I made a bunch of scrappy bookmarks for the Little Good Things swap. They are a great way to use precious small bits in your stash, and easy to adapt to your own taste and materials.
I thought I’d share my process with a tutorial, so I made a few more.
You will need:-
- scraps of fabric
- sewing machine
- bits of ribbon or pretty yarn or string (optional)
- letter stamps or fabric marker or something non-smudgy that writes on fabric (optional)
- double sided fusible webbing (optional, I don’t use it for these bookmarks)
I start with a rectangle about 3” x 5 1/2” (7cm x 14cm). Of course anything roughly bookmark size will work! I cut some with regular scissors and some with pinking shears.
Assemble a bunch of little bits of fabric and cut out shapes. If you are new to machine appliqué and want to make the project easier, you could draw shapes onto paper-backed fusible webbing, iron onto the back of a slightly larger fabric scrap, and cut out the shapes. Fusible webbing is great if you want precise shapes and a smoother finish. It also makes the sewing easier and less likely to pucker. However I want a scrappy, frayed look, so I won’t use it for this project.
I did the writing using letter stamps and an ink that is permanent when you iron it. I also used Derwent Inktense pencils for coloured writing and brushed with water (also permanent on fabric). Other markers should work too, as long as they won’t smudge on paper.
The fun part is arranging different designs. Doing a batch of five or six at a time rather than one at a time is more efficient, I think. If you’re not so confident with your machine, rectangular shapes are easiest. For a scrappy, handmade look, don’t worry about making all the shapes super-perfect.
Once you’re happy with the layout, pin your pieces in place in way that that allows you to fold the top pieces back as you sew around the lower layers. (If you’re using fusible webbing, iron the bottom layer, stitch around it, then iron the next layer, and so on.)
Stitch around each appliqué piece, two or three times. I deliberately make the stitching a bit wonky and criss-cross, to give a nice texture, and strength. I used black thread for this batch, but this would be great way to use up leftover threads in different colours (you can just change the top thread and use one bobbin thread).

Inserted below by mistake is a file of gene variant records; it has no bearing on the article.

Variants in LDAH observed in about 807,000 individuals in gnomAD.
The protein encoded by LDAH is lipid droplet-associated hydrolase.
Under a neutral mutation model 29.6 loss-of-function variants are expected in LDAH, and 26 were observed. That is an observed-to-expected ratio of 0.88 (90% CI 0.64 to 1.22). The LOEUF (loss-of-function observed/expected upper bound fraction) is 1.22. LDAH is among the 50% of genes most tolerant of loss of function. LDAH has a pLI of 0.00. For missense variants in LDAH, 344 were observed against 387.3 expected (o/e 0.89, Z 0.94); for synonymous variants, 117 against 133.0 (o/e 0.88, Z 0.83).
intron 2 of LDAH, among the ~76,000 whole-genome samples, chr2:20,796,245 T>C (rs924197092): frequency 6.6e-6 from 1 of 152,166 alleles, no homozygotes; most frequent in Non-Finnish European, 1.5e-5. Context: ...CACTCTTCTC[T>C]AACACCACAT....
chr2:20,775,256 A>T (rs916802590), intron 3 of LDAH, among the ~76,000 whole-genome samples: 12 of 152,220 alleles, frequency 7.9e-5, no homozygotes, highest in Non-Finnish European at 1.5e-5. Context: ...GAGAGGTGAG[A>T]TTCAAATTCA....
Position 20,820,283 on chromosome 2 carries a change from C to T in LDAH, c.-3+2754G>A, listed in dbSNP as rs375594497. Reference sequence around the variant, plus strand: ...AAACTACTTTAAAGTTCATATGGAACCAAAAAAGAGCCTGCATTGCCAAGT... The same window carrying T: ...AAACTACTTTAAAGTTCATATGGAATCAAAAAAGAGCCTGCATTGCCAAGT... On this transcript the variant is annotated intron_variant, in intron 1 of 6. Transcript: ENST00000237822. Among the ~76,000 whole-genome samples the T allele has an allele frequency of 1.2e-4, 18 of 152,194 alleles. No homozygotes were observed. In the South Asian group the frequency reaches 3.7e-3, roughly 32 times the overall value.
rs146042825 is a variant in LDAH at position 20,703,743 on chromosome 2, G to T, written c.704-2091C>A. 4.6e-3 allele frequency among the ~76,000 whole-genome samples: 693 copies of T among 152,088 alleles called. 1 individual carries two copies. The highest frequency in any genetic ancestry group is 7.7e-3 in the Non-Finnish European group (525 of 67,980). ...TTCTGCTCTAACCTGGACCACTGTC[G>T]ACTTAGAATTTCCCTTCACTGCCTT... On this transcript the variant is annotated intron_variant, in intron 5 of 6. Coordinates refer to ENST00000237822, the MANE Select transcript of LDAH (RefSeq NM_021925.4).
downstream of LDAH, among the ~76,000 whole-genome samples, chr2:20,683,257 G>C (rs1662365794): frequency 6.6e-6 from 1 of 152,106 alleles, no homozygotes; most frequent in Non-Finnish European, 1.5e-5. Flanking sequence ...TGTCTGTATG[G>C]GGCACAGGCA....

Beginner tips - If you are new to machine appliqué, set your machine speed to quite slow. At the beginning of each piece, set the needle position to down, so that every time you stop around a shape you can leave the needle down, lift the foot, and pivot the fabric in place. This is a great practice project because if it goes wrong, it’s just a few scraps of fabric - grab another one and have another try
Here you can see where I have folded a layer back while stitching -
Appliqué done. The little circles are the fiddliest. It will pucker, don’t worry, just give it a steam iron. I always iron as I go with sewing, it makes a big difference.
I cut backing fabric a bit larger than the finished size (add about 1cm / half inch all round) because it’s easier to sew and then trim rather than sew very close to the edge.
Place the backing, wrong sides together, and pin a little trim/tassel to the top. I used scraps of ribbon, strips of fabric, and even bits of selvedge. I’m happy for mine to fray with use, but stick to ribbon or yarn if you want to avoid fraying.
Begin by securing the trim with some back stitching, then sew around the bookmark twice, again offsetting and criss-crossing the lines of stitching. Trim close to the edge. I like to have a bit of the backing fabric showing for an extra layer, but you could start with a slightly bigger top, allow extra space for the final edge seam, and then trim both sides exactly the same.
And there they are! There’s lots of ways you can adapt this process to your taste and the material you have on hand - hope you have fun with it!